Minnesota Bill Proposes Allowing Midwives to Obtain and Administer Medication

Minnesota Protest (Credits: The Hill)

On March 3, the Minnesota Legislature took a big step to assist midwives by passing and revising former laws, enabling traditional midwives to access and administer drugs for pregnant women. This move aims to address and potentially reduce the disproportionately high rates of maternal mortality among Black women.

Midwives are crucial healthcare providers for pregnant women throughout pregnancy, childbirth, and postpartum care. Despite their historical presence dating back to ancient times, midwives faced marginalization by the medical community in the 1900s.

It wasn’t until 1925, when Mary Breckenridge established the Frontier Nursing Service, that midwives could obtain professional licenses. As an important advocacy force, midwives play a pivotal role in underrepresented communities, particularly in championing the health of Black women.

Omnibus health and human services bill (Credits: Minnesota House of Representatives)

Black women, constituting 13% of the population, experience a pregnancy mortality rate that surpasses their demographic representation, standing at 26%, according to the Minnesota Department of Health.

One contributing factor to this discrepancy is the healthcare industry’s misperception of Black women, often resulting in inadequate pain relief recommendations due to misconceptions about their pain tolerance.

Ciana Cullens, program director for Nubian Moms, underscores the significance of Black midwives in providing tailored care that resonates with Black women’s cultural backgrounds, fostering trust and rapport between patients and providers.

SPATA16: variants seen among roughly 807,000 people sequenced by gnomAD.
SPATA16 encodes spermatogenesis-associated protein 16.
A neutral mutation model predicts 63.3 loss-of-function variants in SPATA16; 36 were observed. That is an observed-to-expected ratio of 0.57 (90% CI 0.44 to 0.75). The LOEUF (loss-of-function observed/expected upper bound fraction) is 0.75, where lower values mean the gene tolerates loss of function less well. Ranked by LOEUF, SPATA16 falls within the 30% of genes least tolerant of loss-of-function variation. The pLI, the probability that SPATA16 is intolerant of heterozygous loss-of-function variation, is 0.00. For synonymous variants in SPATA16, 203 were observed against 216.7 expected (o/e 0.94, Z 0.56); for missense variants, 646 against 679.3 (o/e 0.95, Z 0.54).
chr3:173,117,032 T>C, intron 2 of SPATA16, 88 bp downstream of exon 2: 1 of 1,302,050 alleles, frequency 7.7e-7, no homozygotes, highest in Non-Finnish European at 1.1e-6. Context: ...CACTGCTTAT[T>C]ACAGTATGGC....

The legislative initiative stemmed from pharmaceutical companies’ observation that existing laws lacked clarity regarding traditional midwives’ authorization to acquire and administer medication.

Senator Sandy Pappas, the bill’s author, collaborated with judges and midwife advocacy groups to propel the legislation forward in response to a potential disruption in medication supply to midwives—the unanimous passage of the bill signals progress, recognizing midwives as indispensable partners in women’s healthcare.

Member Minnesota House (Credits: Minnesota House of Representatives)

The amended law resolves ambiguities by affirming licensed traditional midwives’ authority to receive and administer medications, including those vital for preventing hemorrhages, a leading cause of maternal deaths.

Rachel Voigt, an executive director and practicing midwife, lauds this clarification for ensuring safety in birthing settings and enabling providers to fulfill their duties effectively.

Carrie Ann Terrell, division director at the University of Minnesota, emphasizes the timeliness of the bill clarification amid concerns over women’s access to reproductive healthcare, especially in light of recent developments such as the IVF ruling in Alabama.

With the legislation, midwives can resume their essential role in delivering comprehensive medical care, resolving disruptions that hindered their work for nearly two decades.

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